Patient Awareness

What To Do After Surviving a Heart Attack?

Surviving a Heart Attack
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The very idea of cardiac arrests or what is more commonly understood as heart attacks are a way of conveying a rather unnerving message every time the topic surfaces. A life-threatening medical condition, a heart attack is characterised by a sudden blockage in the flow of the blood that reaches the heart. As a result, surrounding tissues are subjected to instant damage, thereby harbouring severe consequences to the patient’s health, in some cases, even proving fatal to him. This is precisely why post-heart attack care depends heavily on the severity and nature of the condition, as well as the rapidity with which it is treated.

Once you’ve been treated for the condition, the medical supervision will shift towards alleviating coronary heart diseases. Picking out the most suitable procedure for further treatment is the right path for post-heart attack care.


If you’ve just experienced a heart attack, it is likely that you’ll be in the hospital for a week or so and for a longer span of time if you’ve had to undergo other procedures, such as bypass surgery. There’s a good chance that you’ll soon feel better enough to consider resuming work, but it is pertinent that you put your healthcare priorities first and wait till you’ve completely recovered.

Take one step at a time eventually (albeit gradually), find your footing back in life. This helps to chalk out the risk of a relapse. Plan your activities in such a manner that you’re not subjected to much stress. Rigorous physical activities, sexual intercourse and rich, heavy food products have to be avoided during the recovery period.


The post-heart attack care plan will invariably include a number of medications. The medicines and drugs that you’ll be prescribed will depend primarily on the extent of the damage caused, as well as other possible health complications. On an average, most patients have to take a regular dosage of medicines that helps correct hypertension, chest pain, diabetes, high cholesterol and body weight issues.

You might also notice that medication regimes are changing while you’re still at the hospital. The dosages might vary, as well as the total number of medicines that has to be taken on a daily basis.


Most hospitals and nursing homes are generally equipped with proper outpatient rehabilitation centres to be of aid to those who seek help prior to the treatment. The benefits of being referred to one are many. People who have been specializing in the field of heart health are assigned the task of teaching the patients numerous activities that contribute to the protection and strengthening of the heart.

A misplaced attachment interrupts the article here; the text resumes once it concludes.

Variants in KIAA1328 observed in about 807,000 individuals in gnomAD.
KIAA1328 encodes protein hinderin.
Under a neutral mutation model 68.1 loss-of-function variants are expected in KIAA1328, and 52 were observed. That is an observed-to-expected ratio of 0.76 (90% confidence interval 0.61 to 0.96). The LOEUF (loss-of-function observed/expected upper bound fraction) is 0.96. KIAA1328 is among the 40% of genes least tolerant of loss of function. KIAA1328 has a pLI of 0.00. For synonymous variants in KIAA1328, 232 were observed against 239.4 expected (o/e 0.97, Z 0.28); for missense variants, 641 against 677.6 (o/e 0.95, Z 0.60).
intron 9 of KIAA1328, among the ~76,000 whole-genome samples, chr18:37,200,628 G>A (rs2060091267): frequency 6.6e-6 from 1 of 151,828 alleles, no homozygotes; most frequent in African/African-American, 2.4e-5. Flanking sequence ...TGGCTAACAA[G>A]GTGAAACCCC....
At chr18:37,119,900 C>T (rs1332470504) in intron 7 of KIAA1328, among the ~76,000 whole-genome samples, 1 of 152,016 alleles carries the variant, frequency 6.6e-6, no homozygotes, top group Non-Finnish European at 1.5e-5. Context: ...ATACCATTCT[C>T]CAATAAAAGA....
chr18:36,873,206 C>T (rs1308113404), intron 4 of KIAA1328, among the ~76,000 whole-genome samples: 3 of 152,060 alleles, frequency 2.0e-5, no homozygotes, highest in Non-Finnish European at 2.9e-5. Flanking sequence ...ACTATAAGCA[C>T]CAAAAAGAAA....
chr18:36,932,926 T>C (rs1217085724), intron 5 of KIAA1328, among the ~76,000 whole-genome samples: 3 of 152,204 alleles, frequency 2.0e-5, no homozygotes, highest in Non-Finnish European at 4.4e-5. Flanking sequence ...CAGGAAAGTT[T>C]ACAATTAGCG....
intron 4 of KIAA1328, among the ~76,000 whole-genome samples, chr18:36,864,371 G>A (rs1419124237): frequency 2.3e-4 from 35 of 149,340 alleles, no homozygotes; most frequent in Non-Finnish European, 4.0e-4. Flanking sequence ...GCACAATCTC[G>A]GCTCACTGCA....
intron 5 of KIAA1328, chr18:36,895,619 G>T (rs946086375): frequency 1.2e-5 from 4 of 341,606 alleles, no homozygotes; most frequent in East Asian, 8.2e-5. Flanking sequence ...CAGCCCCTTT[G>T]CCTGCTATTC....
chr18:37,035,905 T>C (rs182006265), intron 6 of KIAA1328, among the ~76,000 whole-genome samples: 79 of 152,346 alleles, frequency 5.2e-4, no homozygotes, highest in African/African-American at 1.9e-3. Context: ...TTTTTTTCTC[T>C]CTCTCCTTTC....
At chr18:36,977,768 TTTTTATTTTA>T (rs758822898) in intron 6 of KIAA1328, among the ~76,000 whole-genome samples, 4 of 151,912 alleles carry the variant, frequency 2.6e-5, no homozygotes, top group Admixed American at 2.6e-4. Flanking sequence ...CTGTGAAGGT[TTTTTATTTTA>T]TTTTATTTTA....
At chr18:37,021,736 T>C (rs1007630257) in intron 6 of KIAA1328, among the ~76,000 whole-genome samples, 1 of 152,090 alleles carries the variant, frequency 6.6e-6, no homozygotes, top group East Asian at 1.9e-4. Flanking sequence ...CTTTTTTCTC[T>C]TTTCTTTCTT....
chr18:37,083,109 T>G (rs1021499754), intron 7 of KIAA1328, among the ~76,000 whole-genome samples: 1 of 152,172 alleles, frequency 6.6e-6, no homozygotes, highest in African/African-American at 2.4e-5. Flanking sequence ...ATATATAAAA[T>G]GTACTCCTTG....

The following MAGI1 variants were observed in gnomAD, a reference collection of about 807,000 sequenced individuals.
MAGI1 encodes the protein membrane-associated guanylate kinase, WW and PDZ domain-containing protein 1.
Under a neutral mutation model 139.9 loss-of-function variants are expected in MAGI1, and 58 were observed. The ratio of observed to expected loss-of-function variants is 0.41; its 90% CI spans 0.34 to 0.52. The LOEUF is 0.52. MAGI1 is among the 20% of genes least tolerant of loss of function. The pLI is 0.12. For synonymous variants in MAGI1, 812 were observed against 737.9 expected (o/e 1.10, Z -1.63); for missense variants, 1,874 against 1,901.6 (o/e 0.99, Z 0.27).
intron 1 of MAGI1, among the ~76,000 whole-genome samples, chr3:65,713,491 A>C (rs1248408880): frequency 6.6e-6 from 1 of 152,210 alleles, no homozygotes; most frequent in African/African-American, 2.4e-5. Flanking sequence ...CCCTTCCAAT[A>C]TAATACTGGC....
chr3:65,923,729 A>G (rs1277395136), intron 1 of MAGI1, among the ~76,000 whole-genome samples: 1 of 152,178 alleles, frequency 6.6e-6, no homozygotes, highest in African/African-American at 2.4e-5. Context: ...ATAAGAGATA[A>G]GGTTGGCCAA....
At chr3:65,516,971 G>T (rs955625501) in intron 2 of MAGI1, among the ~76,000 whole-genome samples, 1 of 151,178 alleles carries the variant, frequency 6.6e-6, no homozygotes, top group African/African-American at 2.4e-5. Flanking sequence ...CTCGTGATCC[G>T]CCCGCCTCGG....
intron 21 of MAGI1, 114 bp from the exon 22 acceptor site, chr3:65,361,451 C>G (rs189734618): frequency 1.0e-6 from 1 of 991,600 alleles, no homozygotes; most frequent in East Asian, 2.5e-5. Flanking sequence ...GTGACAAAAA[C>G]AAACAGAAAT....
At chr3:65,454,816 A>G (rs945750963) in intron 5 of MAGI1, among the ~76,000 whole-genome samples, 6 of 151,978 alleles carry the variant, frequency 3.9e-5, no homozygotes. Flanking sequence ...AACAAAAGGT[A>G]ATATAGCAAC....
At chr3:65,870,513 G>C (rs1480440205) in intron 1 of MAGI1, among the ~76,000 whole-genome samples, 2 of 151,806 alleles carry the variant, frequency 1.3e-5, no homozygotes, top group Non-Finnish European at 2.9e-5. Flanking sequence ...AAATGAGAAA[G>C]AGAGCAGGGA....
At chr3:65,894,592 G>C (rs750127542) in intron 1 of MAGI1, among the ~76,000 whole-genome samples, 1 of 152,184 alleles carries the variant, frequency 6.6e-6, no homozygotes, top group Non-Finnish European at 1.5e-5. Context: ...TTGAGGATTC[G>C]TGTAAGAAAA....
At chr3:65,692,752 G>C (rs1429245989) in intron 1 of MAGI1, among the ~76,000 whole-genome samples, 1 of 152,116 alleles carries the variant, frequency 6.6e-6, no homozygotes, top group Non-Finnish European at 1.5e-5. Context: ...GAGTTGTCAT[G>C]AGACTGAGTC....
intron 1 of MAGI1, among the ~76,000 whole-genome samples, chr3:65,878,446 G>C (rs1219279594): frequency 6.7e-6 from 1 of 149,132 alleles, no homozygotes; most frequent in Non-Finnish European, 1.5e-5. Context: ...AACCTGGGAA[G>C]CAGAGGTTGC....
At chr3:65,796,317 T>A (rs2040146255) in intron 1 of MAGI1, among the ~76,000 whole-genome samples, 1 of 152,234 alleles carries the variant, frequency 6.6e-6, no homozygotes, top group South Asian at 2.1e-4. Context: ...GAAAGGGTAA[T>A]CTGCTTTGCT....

You’ll also be introduced to the changes that you’ll have to consider making so that you may effectively lower your heart-rate and in turn, better the functioning of your heart. Certified exercise specialists will walk you through ways by which you can efficiently reduce the chances of any future complications. If you’re encountering bouts of depression, stress or anxiety, support will be extended from counsellors as well as psychiatrists.


Adopting significant lifestyle changes that work in harmony with the treatment plan goes a long way in improving the overall health of the patient.

  1. Exercise often to get your heart pumping! Aerobic exercises are the best to improve heart-health. Activities like cycling, swimming, running and jogging build the heart’s capacity for pumping blood through the bloodstream and improve circulation.
  2. Eating right is of the utmost significance for patients, since consuming a lot of calories strains your heart unnecessarily. It is best advised to cut down on animal fats and instead, focus on green vegetables and lean meats.
  3. Quit smoking to stabilize blood pressure and better your heart-health. Passive smoking must be avoided as well, since the dangers posed by it are numerous.

Never forget the simple fact that a heart attack must not always be the harbinger of bad times. Your health- mental and physical- must be your top priority during this period.


Disclaimer: The information included at this site is for educational purposes only and is not intended to be a substitute for medical treatment by a healthcare professional. Because of unique individual needs, the reader should consult their physician to determine the appropriateness of the information for the reader’s situation.

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